As part of our mission to deliver the highest level of care for small animals, we have devised a series of dental procedures with the aim of ensuring excellent dental health.
1. Early or minimal dental disease
Preventative care with a healthy diet, dental chews and regular tooth brushing can help to keep teeth healthy, and may deal with early gum disease. We advise the feeding of Hills t/d prescription diet to any cats and dogs with early dental disease, as its special fibrous structure acts rather like a toothbrush on the chewing teeth, and it has no excess content of the minerals that cause calculus. T/d is a complete, premium quality food and not just a treat.
Once the gums become significantly inflamed, it is necessary to de-scale and polish the teeth under a light general anaesthetic. Our nursing staff can then offer advice on follow-up dental care.
3. Gum recession and infection
Once pockets begin to form as the gums recede, and infection starts to invade the gums, it is usually necessary to combine de-scaling with a course of medical treatment such as antibiotics.
4. Progression of infection
As the infection progresses, teeth will begin to loosen, and abscesses may form. Badly affected teeth will need to be extracted, and others may have irreversible damage that leads to their extraction at a later date.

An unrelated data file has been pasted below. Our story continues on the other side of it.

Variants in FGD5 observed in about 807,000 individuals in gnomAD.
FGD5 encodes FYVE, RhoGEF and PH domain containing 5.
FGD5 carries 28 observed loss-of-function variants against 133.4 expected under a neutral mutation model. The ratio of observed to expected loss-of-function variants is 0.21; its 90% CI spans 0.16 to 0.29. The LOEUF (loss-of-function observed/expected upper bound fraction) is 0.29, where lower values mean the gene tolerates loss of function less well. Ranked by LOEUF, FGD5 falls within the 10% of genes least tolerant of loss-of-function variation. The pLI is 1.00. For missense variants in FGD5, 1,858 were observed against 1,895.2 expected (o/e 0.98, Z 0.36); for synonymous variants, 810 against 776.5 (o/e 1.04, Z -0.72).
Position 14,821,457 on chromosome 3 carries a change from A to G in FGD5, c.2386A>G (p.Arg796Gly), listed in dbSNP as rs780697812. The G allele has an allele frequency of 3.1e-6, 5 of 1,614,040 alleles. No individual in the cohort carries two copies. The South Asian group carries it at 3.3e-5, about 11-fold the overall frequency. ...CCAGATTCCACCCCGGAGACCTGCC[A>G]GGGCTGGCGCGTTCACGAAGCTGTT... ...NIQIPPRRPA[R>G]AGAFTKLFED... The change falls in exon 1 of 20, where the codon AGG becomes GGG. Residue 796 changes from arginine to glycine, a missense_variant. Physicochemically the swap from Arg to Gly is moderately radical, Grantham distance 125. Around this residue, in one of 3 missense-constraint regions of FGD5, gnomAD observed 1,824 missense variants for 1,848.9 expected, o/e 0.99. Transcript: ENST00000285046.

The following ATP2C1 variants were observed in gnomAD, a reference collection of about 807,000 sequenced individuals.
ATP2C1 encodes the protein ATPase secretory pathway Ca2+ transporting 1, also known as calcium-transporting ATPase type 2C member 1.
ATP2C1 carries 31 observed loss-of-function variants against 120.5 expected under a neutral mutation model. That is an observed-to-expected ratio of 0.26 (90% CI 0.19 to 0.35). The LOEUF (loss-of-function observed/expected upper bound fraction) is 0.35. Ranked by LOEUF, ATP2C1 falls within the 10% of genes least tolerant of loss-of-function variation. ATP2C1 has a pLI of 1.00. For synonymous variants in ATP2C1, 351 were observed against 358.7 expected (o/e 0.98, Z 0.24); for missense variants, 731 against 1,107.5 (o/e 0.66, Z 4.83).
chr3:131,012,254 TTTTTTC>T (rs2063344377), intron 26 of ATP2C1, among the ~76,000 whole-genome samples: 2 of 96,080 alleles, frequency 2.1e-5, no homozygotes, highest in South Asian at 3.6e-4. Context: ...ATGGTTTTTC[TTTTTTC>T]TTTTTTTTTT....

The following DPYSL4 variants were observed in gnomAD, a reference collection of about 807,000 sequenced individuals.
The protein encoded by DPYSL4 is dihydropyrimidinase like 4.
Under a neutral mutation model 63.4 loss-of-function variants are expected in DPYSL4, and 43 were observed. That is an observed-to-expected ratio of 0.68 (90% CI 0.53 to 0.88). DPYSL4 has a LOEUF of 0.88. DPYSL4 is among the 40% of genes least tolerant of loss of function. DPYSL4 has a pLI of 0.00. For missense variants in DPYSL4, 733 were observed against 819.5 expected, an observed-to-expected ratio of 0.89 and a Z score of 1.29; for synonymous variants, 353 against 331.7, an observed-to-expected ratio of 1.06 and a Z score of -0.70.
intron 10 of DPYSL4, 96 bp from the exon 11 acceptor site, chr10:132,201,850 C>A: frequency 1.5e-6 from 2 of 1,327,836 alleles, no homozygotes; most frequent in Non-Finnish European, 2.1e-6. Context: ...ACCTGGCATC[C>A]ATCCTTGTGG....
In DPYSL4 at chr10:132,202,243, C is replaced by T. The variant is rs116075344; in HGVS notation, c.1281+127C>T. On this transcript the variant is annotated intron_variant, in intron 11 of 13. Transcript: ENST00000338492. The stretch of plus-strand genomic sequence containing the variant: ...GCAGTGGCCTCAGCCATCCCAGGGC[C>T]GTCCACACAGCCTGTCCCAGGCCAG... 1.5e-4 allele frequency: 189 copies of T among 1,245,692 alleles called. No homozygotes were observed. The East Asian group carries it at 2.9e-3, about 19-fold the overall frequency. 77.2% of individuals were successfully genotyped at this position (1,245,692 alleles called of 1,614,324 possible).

Cats in particular are also very prone to holes developing in the enamel of the tooth near the gum, which leaves the sensitive pulp of the tooth exposed and will be very painful if any pressure is applied to this area. These “neck lesions” are very common and are not always associated with the four progressive categories described above as they can be spontaneous lesions appearing on otherwise healthy mouths.
Whilst we are all reluctant to put our pets through elective procedures that are not urgently necessary, dental disease is a major cause of discomfort and ill health in both dogs and cats. Leaving the disease problem untreated means that secondary complications such as abscesses and even blood poisoning can result, and the longer the inflammation and infection is left, the more advanced the treatment has to become.
The anaesthetics that we use in our clinic are safe and modern, and the risks are minimal. We usually advise that animals undergoing such procedures have a blood profile checked on the morning of their admission, so that we can identify any potential underlying disease problems and adjust our approach accordingly. Intravenous fluid therapy is routinely given as your pet will have been fasted prior to the procedure, this ensures they are fully hydrated, maintain their blood pressure and recover as swiftly as possible from the anaesthetic.